Addis Abeba October 11/2017 – The use of the Nile River has for centuries been monopolized by the lower riparian countries that claim ‘historic right’ over the waters. The hegemony over the Nile Waters has been under these countries, thus building tensions among
Zecharias Zelalem, Special to Addis Standard
Addis Abeba, Feb. 10/2017 – On January 9, 2017, South Sudanese President, Salva Kiir, arrived in Cairo, Egypt, to meet with his counterpart, Abdel Fattah Al-Sisi, and discuss, according to media reports, “bilateral ties.” With most media either unable or unwilling to go beyond the official transcript, details of what exactly has prompted Egypt’s leader to invite the embattled South Sudanese President to the Ettihadeya Palace (just a few weeks after president Al-Sisi met with Ugandan President Yoweri Museveni in Entebbe), remain sketchy; it left a lot of room for a lot of speculation.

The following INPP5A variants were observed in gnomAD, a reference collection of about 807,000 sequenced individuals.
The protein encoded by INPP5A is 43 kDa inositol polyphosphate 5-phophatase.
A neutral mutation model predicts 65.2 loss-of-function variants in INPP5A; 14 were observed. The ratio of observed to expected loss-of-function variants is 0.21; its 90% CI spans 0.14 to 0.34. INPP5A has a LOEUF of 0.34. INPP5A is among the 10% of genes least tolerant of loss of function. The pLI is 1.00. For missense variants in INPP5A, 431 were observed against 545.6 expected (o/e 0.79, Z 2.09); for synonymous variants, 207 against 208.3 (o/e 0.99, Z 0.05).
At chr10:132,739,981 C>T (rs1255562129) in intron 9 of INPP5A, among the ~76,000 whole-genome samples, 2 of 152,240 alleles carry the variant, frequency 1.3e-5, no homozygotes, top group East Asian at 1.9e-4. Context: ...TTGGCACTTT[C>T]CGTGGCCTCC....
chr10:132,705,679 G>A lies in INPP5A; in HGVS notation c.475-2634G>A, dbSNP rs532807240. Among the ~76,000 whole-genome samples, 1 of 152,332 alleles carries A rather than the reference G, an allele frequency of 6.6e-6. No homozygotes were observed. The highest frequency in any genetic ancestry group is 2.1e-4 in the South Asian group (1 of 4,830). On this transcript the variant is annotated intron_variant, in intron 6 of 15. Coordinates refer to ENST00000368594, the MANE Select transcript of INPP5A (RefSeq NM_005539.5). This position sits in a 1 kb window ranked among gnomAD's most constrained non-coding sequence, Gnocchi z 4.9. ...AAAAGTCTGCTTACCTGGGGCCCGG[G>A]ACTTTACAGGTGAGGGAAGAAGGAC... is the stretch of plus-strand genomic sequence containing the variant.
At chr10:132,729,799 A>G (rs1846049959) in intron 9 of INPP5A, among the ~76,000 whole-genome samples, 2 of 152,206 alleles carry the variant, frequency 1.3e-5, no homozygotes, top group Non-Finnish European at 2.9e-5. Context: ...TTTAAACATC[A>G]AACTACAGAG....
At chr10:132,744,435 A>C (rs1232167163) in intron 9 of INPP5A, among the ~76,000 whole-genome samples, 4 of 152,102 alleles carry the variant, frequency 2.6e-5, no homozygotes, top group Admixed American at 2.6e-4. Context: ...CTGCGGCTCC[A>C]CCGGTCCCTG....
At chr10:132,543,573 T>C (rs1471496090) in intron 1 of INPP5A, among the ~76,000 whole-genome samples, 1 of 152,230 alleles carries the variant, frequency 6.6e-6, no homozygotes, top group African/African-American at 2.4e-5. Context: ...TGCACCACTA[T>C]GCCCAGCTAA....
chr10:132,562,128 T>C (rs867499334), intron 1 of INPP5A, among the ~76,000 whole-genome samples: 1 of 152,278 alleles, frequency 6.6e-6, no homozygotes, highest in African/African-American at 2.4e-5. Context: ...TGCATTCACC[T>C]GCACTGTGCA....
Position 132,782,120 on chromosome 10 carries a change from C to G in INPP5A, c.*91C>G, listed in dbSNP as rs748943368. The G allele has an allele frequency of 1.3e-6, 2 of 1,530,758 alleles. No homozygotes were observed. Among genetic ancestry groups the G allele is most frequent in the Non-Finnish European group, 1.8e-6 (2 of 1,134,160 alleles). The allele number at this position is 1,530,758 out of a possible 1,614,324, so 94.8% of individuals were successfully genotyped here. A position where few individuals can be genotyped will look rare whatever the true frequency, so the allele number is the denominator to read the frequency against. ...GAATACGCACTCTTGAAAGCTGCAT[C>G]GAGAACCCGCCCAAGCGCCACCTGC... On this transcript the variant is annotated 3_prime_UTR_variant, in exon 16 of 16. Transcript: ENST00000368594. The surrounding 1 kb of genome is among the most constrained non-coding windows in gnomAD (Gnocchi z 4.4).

Nearly a day after Kiir’s arrival in Egypt, The South Sudan News Agency (SSNA) published an article making some bold statements claiming, among other things, that it had firsthand information about discussions of a “dirty deal” in the works between South Sudan, Egypt, and to a certain extent, Uganda.